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Dengue Transmission and Risk Factors in Dhaka, Bangladesh
 

Dengue Transmission and Risk Factors in Dhaka, Bangladesh

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GRF 2nd One Health Summit 2013: Presentation by Parnali Dhar Chowdhury, University of Manitoba

GRF 2nd One Health Summit 2013: Presentation by Parnali Dhar Chowdhury, University of Manitoba

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    Dengue Transmission and Risk Factors in Dhaka, Bangladesh Dengue Transmission and Risk Factors in Dhaka, Bangladesh Presentation Transcript

    • Dengue Transmission and Risk Factors in Dhaka, Bangladesh Parnali Dhar Chowdhury1, C. Emdad Haque1, Robbin Lindsay2, Abdullah Brooks3,4, Michael A Drebot2 1Natural Resources Institute, University of Manitoba Microbiology Laboratory, Public Health Agency Canada 3John Hopkins University, USA, and 4 icddr,b Bangladesh 2 National GRF Davos One Health Summit 2013 17-20 November, 2013; Davos, Switzerland
    • Areas of risk for dengue disease Dengue viruses 1- 4 can cause DF / DHF Person  Aedes mosquito  Person A. aegypti
    • Estimated population at risk of dengue fever under “standard” climate change scenario: 1990, 2085 1990 2085 Decreased mosquito abatement Increased urbanization, etc. . Source. Hales S et al. Lancet (online) 6 August 2002. http://image.thelancet.com/extras/01art11175web.pdf
    • • Dhaka, the capital of Bangladesh, 16th Largest city (15.4 million population in 2012) of the world • Estimated to grow to about 20 million (2020), making it the world’s third largest city • Population growth =~7%  Insert map of Bangladesh and Location of Dhaka • Attracts some 300-400 thousand new migrants/year Source:http://www.google.com/imgres
    • Dengue Trends in Dhaka: Facts from Reality Dhaka : Total number of reported dengue cases by year (n = 22,705).  Asymptomatic nature of dengue (known as Dhaka fever) since 1964  First major outbreak in 2000 with 5,551 hospitalized cases (93 deaths)  Short term (2000-2008) trend reveals short cyclical pattern – reasons are unknown Dhaka: Total number of reported dengue cases, by month, 2000-2008 (n = 22,705)  Limited knowledge of dengue vector distribution and density, disease risk perception, and circulating serotypes  nearly all viruses isolated were DENV-3 (Rahman et al. 2002; Wagatsuma et al. 2004; Podder et al. 2006; Islam et al. 2006)  co-circulation of DENV3 with DENV 2 & 4 (Aziz et al. 2002) Source: (Karim et al. 2012)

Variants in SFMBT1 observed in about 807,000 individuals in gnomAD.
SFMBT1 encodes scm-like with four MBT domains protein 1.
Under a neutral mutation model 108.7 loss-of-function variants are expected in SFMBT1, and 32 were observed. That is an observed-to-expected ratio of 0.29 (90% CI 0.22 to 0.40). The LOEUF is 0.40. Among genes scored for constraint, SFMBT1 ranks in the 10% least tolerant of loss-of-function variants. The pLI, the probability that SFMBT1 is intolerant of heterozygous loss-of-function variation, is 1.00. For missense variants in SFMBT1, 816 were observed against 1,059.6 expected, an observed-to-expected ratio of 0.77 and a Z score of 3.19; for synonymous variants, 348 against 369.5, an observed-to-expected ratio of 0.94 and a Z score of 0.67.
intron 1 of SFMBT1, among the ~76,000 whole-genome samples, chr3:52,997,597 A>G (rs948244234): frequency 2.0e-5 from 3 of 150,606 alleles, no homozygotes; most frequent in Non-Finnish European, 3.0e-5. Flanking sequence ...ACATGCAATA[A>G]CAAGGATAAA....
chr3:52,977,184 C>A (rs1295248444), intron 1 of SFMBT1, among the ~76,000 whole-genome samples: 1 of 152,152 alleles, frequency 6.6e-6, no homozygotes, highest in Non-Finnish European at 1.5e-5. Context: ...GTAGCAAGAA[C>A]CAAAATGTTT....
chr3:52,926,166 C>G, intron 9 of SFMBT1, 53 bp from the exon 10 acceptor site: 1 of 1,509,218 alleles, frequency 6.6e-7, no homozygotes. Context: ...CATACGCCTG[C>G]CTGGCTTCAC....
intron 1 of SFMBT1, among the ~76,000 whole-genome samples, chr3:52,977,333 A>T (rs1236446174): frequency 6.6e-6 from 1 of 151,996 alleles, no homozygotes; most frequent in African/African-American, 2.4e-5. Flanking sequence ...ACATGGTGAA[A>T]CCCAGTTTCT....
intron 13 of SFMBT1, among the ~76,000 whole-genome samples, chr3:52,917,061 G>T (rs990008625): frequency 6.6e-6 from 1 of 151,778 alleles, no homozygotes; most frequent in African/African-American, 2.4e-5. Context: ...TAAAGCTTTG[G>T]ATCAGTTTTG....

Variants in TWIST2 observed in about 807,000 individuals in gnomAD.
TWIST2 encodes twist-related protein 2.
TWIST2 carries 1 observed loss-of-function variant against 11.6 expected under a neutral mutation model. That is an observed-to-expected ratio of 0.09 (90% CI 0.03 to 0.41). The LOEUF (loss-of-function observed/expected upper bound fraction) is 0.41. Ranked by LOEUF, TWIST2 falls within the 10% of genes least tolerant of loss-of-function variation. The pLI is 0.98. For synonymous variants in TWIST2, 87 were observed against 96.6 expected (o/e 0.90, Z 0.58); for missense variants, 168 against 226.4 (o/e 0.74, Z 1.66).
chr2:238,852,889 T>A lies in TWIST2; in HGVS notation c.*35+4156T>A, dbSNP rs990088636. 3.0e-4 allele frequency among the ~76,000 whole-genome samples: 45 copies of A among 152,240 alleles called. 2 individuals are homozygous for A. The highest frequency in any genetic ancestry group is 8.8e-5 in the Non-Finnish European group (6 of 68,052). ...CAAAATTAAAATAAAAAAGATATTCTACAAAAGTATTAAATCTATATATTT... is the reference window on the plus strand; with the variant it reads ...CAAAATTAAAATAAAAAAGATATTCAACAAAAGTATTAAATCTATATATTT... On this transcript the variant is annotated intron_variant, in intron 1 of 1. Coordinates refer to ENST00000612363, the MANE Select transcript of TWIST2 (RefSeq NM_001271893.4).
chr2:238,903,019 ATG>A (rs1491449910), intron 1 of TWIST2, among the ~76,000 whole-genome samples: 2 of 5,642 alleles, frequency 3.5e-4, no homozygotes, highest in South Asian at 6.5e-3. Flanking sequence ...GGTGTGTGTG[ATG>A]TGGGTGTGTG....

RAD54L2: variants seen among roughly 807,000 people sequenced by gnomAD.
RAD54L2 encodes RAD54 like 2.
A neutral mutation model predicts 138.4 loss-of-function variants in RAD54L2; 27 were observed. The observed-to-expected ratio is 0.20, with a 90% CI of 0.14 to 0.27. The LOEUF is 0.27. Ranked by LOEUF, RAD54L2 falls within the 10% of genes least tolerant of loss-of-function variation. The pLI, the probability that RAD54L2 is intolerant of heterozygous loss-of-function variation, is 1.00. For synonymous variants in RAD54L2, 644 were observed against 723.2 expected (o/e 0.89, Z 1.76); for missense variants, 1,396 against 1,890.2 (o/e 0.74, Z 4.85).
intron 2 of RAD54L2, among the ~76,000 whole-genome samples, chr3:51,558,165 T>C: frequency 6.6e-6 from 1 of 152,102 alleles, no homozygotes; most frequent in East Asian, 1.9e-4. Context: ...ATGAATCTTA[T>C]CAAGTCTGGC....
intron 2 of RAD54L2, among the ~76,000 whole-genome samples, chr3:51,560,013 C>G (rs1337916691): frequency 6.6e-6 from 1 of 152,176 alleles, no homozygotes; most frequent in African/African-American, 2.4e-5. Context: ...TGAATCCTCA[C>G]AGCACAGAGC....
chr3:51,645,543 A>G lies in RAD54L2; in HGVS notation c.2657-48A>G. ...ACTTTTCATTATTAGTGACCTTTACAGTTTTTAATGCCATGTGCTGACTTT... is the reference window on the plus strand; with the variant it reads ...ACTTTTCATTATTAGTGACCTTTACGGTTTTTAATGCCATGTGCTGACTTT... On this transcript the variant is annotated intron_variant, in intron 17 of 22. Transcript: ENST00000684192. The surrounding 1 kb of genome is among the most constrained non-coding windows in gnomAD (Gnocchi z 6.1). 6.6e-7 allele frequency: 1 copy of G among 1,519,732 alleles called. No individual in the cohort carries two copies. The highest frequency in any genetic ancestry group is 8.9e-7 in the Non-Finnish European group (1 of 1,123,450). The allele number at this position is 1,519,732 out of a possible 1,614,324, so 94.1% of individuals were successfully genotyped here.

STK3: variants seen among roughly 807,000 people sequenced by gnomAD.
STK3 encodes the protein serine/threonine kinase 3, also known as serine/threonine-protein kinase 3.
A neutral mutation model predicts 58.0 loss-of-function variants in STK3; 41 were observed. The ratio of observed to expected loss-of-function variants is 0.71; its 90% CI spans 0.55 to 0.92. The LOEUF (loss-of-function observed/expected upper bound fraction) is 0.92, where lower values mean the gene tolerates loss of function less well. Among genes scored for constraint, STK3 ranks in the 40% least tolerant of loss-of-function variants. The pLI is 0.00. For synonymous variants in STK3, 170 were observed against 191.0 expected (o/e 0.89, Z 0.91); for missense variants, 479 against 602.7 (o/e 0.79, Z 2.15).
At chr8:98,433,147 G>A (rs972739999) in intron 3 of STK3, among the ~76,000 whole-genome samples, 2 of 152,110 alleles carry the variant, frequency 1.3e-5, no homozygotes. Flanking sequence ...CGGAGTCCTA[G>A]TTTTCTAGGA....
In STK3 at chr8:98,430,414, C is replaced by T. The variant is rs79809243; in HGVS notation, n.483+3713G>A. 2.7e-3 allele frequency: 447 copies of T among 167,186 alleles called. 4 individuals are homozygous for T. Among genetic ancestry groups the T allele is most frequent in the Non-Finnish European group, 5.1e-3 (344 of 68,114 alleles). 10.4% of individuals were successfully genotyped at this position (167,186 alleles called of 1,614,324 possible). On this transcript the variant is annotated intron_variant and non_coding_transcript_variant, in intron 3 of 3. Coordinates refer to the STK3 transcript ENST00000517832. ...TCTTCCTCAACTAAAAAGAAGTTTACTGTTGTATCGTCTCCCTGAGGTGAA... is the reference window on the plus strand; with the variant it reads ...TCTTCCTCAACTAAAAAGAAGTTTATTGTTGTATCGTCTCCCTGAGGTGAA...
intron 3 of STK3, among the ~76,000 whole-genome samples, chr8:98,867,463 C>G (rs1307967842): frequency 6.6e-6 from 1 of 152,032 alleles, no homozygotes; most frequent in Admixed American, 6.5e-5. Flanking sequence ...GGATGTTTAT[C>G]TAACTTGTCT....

• First Outbreak in 2000 Panic situation • People • Professional • Media • Posters –Blood Test… labs. • Blaming!! BANGALI A, Mannan Dr.
    • Questions and Objectives about Dengue in Dhaka Ecological / Entomological / Virological / Socialogical-Economic Factors for Dengue What are the distribution of Aedes mosquitoes and whether Aedes density vary with different socio-economic statuses (SES)? What are the seroprevalence of DENV and how it is correlated with Aedes abundance? How human Knowledge, Attitudes, and Practices (KAP) at the individual and household levels are involved in enhancing or reducing vector habitat? Objectives:  To delineate vector distribution by examining Aedes larva and pupa breeding spaces in houses  To conduct household level serosurvey in the same household  To map risk perception and analyze KAP regarding dengue disease
    • Methodology • Multi-stage, multi-level study design for entomological survey of dengue vector distribution • Focus group discussions (FGDs) and key informant interviews (KIIs) for risk perception analysis • Guiding Principles: 2 1. Representative samples of the City of Dhaka 2. Socio-economic variability among the wards considered 3. Gender perspectives considered in FGDs and KIIs
    • Differences among Socio-economic Statuses: Some Selected Images
    • An Outline of Findings and Analysis Vector ecology and distribution during 2011 and 2012 Container analysis (mosquito breeding and larval development) and water-use pattern at household level Serosurvey result of pre- and post-monsoon 2012 Risk perception of dengue disease and its vector
    • Overview of Entomological Survey MONSOON 2011 MONSOON 2012 TOTAL LARVAE COLLECTED 2587 3644 Ae. aegypti 2128 (84%) Ae. albopictus 344 (13%) 2811 (77.1%) 634(17.4%) Other Sp. 3% 61 (1.7%) TOTAL PUPAE COLLECETED 339 1129 Survey Time House Index Container Breteau Index Index PUPAE/100 HOUSES MONSOON 2011 27.74% 32.84% 52.39% 36.02 MONSOON 2012 24.17% 31% 44.17% 169.9 Total Household Visited (target=1200) : 842 (2011) 834 (2012) Overwhelming majority of households have been found to be infested with Aedes aegypti Calculation of Stegomyia Indices are quite high for vector surveillance in both years
    • Most Frequent Container Types, Monsoon 2012  8 major types of positive containers seemed to be dominant  These 8 containers types account for 72% of all positive containers CONTAINER CODE: A1=Water tank A3=Clay pot A4=Ceramic pot A13=Metal bucket A14=Plastic bucket A19=Plastic drum (sealable) A21=Flower tub & tray A27=Tires A34= Broken sports/toy parts A38=Plastic sheets A39=Broken plastic pots